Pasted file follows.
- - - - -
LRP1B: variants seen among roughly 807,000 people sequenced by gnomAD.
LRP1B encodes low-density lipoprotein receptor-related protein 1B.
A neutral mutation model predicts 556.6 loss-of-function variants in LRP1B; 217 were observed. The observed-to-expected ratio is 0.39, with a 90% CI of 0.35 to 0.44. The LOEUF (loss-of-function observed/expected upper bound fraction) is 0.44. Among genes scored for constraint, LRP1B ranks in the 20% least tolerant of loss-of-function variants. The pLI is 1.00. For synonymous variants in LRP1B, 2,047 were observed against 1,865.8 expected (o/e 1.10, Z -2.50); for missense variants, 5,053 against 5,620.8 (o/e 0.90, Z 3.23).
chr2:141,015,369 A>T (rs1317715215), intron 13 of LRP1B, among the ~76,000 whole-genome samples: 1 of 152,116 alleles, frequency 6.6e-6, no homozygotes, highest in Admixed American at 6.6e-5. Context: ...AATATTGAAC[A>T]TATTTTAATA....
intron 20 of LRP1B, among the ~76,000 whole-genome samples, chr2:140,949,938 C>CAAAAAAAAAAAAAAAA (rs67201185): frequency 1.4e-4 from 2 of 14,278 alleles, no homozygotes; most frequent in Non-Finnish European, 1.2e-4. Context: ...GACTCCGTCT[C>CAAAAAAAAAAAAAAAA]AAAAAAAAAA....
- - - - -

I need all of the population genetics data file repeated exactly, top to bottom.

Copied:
LRP1B: variants seen among roughly 807,000 people sequenced by gnomAD.
LRP1B encodes low-density lipoprotein receptor-related protein 1B.
A neutral mutation model predicts 556.6 loss-of-function variants in LRP1B; 217 were observed. The observed-to-expected ratio is 0.39, with a 90% CI of 0.35 to 0.44. The LOEUF (loss-of-function observed/expected upper bound fraction) is 0.44. Among genes scored for constraint, LRP1B ranks in the 20% least tolerant of loss-of-function variants. The pLI is 1.00. For synonymous variants in LRP1B, 2,047 were observed against 1,865.8 expected (o/e 1.10, Z -2.50); for missense variants, 5,053 against 5,620.8 (o/e 0.90, Z 3.23).
chr2:141,015,369 A>T (rs1317715215), intron 13 of LRP1B, among the ~76,000 whole-genome samples: 1 of 152,116 alleles, frequency 6.6e-6, no homozygotes, highest in Admixed American at 6.6e-5. Context: ...AATATTGAAC[A>T]TATTTTAATA....
intron 20 of LRP1B, among the ~76,000 whole-genome samples, chr2:140,949,938 C>CAAAAAAAAAAAAAAAA (rs67201185): frequency 1.4e-4 from 2 of 14,278 alleles, no homozygotes; most frequent in Non-Finnish European, 1.2e-4. Context: ...GACTCCGTCT[C>CAAAAAAAAAAAAAAAA]AAAAAAAAAA....